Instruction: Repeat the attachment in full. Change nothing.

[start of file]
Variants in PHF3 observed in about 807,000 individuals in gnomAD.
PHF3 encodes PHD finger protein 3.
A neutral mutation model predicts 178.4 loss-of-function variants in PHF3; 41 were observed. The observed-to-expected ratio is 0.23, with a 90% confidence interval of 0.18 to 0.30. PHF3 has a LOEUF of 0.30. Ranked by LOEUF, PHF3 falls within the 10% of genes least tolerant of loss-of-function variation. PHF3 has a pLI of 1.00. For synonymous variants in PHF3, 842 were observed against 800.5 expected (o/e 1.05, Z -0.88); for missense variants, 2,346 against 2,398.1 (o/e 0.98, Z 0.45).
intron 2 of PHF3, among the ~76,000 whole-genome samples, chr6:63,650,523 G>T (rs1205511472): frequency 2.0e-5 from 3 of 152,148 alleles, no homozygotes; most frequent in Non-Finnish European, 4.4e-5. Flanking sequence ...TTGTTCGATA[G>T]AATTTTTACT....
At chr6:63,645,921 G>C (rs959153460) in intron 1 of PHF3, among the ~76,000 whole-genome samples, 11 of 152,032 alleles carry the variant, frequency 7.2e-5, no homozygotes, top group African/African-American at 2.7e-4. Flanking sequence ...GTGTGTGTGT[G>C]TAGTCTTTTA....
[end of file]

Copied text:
Variants in PHF3 observed in about 807,000 individuals in gnomAD.
PHF3 encodes PHD finger protein 3.
A neutral mutation model predicts 178.4 loss-of-function variants in PHF3; 41 were observed. The observed-to-expected ratio is 0.23, with a 90% confidence interval of 0.18 to 0.30. PHF3 has a LOEUF of 0.30. Ranked by LOEUF, PHF3 falls within the 10% of genes least tolerant of loss-of-function variation. PHF3 has a pLI of 1.00. For synonymous variants in PHF3, 842 were observed against 800.5 expected (o/e 1.05, Z -0.88); for missense variants, 2,346 against 2,398.1 (o/e 0.98, Z 0.45).
intron 2 of PHF3, among the ~76,000 whole-genome samples, chr6:63,650,523 G>T (rs1205511472): frequency 2.0e-5 from 3 of 152,148 alleles, no homozygotes; most frequent in Non-Finnish European, 4.4e-5. Flanking sequence ...TTGTTCGATA[G>T]AATTTTTACT....
At chr6:63,645,921 G>C (rs959153460) in intron 1 of PHF3, among the ~76,000 whole-genome samples, 11 of 152,032 alleles carry the variant, frequency 7.2e-5, no homozygotes, top group African/African-American at 2.7e-4. Flanking sequence ...GTGTGTGTGT[G>C]TAGTCTTTTA....